When All Star Superman one the Eisner Award for Best Continuing Series, were they being ironic? Were there quotation marks around "Continuing?"
Granted, it's doing better than the Goddamn All Star Batman, which saw a 1-year hiatus between issues. But in nearly 2 years, A-S-S has seen a grand total of 8 issues, making it considerably less than bi-monthly. So this is "continuing??"
I kid because I love. But also, I want to compare this to the opposite of the "occasionally published" comic, the "our creators are so slow we punt" phenomenon, we has been going on a lot at DC.
Last week, much to my surprise, Superman Confidential did NOT feature the continuation of the "Origin of Kryptonite" story by Cooke and Sale. Instead, we got a tremendously abysmal mermaid story, with only the following editors' note as explanation:
No apology or explanation, just "here it is--tough." ON PAGE 4.
Now, part of it is my own damn fault, for not reading the solicits or paying attention to the cover when I picked up my pulls. And it's not like the Cooke/Sale story was the greatest thing ever, either. But still, this kind of thing is pretty damn annoying. No wonder more and more readers just wait for the trades...
And as we know, it's hardly an isolated incident:
- The One Year Later relaunch Wonder Woman was unable to complete even it's first storyline...eventually they just started the next storyline with a new team and said, "we'll show the end to you guys later." They did, finally, in the Wonder Woman Annual a couple of weeks ago. SPOILER ALERT: apparently, Diana didn't die in the "Who is Wonder Woman" story.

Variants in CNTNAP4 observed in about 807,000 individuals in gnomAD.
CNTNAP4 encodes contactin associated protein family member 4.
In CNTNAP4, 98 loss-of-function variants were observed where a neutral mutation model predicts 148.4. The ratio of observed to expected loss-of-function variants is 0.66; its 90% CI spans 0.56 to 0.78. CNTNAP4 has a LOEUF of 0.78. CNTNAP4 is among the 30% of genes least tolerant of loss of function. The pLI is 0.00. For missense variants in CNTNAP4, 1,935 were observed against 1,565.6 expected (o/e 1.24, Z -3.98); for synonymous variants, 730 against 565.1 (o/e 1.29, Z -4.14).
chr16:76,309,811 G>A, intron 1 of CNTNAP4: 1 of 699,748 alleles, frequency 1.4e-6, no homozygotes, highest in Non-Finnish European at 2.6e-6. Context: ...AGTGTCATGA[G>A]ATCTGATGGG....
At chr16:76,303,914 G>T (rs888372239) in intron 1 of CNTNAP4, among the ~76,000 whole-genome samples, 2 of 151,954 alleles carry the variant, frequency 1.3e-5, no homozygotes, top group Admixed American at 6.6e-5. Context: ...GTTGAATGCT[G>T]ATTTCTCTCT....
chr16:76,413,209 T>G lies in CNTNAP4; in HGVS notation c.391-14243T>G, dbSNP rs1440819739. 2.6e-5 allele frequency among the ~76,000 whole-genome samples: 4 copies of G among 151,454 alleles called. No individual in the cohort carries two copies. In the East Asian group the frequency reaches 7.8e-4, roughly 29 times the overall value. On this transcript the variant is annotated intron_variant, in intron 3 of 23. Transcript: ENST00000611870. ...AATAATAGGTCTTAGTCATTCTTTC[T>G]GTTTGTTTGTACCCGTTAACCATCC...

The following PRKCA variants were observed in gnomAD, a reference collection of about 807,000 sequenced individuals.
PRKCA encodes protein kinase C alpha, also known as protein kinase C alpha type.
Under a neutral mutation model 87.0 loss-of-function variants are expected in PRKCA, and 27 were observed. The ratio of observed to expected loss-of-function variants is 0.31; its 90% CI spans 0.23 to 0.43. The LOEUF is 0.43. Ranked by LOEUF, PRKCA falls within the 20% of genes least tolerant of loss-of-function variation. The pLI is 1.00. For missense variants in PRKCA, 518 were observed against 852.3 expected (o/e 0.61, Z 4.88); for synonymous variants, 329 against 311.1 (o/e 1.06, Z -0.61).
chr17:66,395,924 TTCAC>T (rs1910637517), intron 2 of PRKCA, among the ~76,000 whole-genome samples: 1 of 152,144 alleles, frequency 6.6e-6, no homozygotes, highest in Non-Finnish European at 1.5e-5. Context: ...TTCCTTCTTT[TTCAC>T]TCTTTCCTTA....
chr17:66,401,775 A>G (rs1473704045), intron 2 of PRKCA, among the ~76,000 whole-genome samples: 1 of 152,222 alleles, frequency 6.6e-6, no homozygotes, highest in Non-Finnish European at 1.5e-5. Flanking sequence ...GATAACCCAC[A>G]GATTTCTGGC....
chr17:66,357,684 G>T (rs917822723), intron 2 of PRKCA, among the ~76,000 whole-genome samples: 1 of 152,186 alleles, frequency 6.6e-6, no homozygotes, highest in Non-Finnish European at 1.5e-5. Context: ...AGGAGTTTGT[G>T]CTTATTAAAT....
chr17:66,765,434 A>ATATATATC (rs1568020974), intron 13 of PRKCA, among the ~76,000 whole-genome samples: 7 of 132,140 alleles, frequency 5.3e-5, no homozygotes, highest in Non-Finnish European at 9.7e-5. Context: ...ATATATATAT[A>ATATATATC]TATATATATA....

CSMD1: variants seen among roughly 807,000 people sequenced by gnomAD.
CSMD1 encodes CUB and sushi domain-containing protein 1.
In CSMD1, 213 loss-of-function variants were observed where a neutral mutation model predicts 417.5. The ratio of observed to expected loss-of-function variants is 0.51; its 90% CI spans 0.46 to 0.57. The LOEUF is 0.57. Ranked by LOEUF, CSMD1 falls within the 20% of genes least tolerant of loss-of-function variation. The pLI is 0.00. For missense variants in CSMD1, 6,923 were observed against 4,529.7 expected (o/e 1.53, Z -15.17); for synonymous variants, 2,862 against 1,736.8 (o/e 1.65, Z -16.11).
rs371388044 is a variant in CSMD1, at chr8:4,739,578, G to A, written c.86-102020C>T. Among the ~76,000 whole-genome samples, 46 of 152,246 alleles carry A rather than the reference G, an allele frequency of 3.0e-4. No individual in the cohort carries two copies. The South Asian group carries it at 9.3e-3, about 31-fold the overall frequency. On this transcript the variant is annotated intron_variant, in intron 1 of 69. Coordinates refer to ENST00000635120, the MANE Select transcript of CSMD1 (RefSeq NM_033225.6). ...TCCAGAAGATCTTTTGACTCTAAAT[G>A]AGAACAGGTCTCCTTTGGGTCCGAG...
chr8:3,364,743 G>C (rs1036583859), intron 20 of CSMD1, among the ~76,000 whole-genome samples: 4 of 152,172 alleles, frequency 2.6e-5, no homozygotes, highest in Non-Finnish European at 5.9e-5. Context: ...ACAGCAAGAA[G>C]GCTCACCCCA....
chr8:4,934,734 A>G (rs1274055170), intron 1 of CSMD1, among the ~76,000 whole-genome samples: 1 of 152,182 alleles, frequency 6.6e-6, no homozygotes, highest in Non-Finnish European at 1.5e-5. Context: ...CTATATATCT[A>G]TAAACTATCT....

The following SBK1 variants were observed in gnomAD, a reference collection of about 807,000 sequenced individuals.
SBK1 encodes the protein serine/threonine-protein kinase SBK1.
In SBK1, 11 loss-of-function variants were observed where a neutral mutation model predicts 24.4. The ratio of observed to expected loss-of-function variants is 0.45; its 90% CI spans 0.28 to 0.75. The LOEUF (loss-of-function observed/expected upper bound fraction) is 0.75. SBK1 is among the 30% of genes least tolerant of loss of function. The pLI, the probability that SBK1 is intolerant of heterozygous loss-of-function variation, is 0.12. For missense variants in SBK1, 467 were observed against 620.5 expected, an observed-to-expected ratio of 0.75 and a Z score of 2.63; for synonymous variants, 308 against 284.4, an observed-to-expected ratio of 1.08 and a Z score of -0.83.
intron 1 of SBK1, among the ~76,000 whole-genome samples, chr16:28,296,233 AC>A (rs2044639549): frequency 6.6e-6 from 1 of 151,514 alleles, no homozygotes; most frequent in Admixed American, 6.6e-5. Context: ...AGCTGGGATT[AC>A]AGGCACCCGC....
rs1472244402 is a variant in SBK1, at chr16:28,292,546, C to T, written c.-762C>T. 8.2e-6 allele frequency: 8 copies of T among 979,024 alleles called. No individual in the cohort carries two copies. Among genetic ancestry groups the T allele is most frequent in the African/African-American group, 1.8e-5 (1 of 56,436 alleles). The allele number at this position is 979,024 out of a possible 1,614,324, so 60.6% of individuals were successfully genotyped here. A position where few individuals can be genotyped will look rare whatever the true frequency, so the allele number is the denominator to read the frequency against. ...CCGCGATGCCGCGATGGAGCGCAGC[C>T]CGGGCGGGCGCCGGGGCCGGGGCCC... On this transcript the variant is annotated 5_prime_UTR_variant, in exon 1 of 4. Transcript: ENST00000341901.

- The highly publicized Geoff Johns/Richard Donner/Adam Kubert collaboration in Action Comics was never able to finish, with the editors bailing after 4 issues with several months of fill-ins and Countdown tie-ins before starting the NEXT Johns/Donner storyline, and promising us that sometime in the future we would see the finish of the "Last Son" story. Really.
But obviously there are different rules for different creators. If you're a "Name," say Frank Miller or Jim Lee or Grant Morrison, well, take as long as you need (Eisner Awards must help in that decision, too). If not, well, we're yanking you, and we'll just publish somewhere, sometime, when you finish.
Now I would argue that this latter approach is a real disservice to the fans. Especially those who don't bury their nose in the industry news.
- No one should be surprised, as I was, by getting product they wouldn't have wanted. Again, mea culpa, but there should have been a more prominent warning; if not on the cover, than certainly before page 4.
- Certainly something more than a mere "it will appear elsewhere" seems required. After plunking down $15 bucks to follow the "Kryptonite" story, I'm damn well owed an apology, aren't I?
- More definite plans than "printed at a later date" should be given. Obviously, given the slow work of the creators, you may not have a definite date, but tell me it's going to be in an annual, or a future issue of the regular mag, or a giant one-shot like the 1970's Cancelled Comics Cavalcade--maybe Late Book Bonanza!!
And the other question is, how can DC avoid this (other than stop employing slow-ass folks--I kid because I love)? Perhaps schedule more bi-monthlies? Or not start publishing the story until most (all??) is already in the can? I yield to anyone who has more inside knowledge of the workings of the industry than I...